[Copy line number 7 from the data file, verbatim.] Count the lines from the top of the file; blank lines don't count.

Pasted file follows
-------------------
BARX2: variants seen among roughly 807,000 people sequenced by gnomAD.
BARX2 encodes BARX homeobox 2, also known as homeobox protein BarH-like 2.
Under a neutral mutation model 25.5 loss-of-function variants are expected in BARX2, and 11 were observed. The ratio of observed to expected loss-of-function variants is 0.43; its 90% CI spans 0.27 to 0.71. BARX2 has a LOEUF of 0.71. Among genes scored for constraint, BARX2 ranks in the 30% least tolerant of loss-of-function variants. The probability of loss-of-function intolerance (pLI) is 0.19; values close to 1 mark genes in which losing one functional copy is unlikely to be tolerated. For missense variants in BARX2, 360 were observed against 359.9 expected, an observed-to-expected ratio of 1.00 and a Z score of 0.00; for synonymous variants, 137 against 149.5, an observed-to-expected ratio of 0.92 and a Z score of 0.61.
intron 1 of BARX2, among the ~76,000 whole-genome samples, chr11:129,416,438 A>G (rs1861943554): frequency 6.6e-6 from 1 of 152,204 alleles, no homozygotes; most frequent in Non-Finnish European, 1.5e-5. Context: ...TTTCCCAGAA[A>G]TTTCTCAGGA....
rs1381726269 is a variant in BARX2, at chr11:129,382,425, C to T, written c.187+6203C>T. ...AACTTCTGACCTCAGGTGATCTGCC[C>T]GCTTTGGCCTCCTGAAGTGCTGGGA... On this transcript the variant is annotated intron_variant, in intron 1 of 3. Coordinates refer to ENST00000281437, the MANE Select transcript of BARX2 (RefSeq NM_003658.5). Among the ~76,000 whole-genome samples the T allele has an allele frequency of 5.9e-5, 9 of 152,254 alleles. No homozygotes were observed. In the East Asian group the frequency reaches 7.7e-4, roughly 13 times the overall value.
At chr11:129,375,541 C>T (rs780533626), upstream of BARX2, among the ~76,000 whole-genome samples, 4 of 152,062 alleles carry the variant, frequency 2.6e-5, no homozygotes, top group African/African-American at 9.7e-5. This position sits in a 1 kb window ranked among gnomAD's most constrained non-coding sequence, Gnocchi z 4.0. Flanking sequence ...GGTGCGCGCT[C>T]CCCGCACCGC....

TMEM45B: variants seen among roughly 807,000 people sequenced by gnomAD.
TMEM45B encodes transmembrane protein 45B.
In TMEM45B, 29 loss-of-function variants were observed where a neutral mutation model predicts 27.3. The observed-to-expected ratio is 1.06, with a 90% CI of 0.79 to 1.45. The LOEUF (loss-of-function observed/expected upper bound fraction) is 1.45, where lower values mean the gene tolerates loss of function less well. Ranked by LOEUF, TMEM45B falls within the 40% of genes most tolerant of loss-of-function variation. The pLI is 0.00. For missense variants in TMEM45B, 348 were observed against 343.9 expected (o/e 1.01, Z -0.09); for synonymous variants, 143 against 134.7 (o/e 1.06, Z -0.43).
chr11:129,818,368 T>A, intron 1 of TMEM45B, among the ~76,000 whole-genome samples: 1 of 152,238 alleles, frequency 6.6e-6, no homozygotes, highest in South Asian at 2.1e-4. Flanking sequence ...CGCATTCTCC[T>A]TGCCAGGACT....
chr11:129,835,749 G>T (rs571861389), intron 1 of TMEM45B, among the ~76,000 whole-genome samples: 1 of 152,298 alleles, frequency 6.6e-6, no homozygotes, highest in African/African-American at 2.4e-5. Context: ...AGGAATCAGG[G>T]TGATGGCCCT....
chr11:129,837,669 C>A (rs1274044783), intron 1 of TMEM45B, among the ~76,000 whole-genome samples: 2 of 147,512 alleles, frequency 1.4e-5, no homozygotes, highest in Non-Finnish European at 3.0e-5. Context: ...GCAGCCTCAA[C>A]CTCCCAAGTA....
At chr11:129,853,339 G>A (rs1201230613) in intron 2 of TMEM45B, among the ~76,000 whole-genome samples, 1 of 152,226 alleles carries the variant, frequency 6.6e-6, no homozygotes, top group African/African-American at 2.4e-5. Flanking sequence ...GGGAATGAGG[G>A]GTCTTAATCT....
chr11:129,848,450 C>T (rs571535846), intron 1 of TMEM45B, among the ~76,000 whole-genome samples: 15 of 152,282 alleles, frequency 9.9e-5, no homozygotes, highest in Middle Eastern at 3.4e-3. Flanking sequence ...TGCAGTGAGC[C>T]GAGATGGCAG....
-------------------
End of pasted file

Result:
TMEM45B: variants seen among roughly 807,000 people sequenced by gnomAD.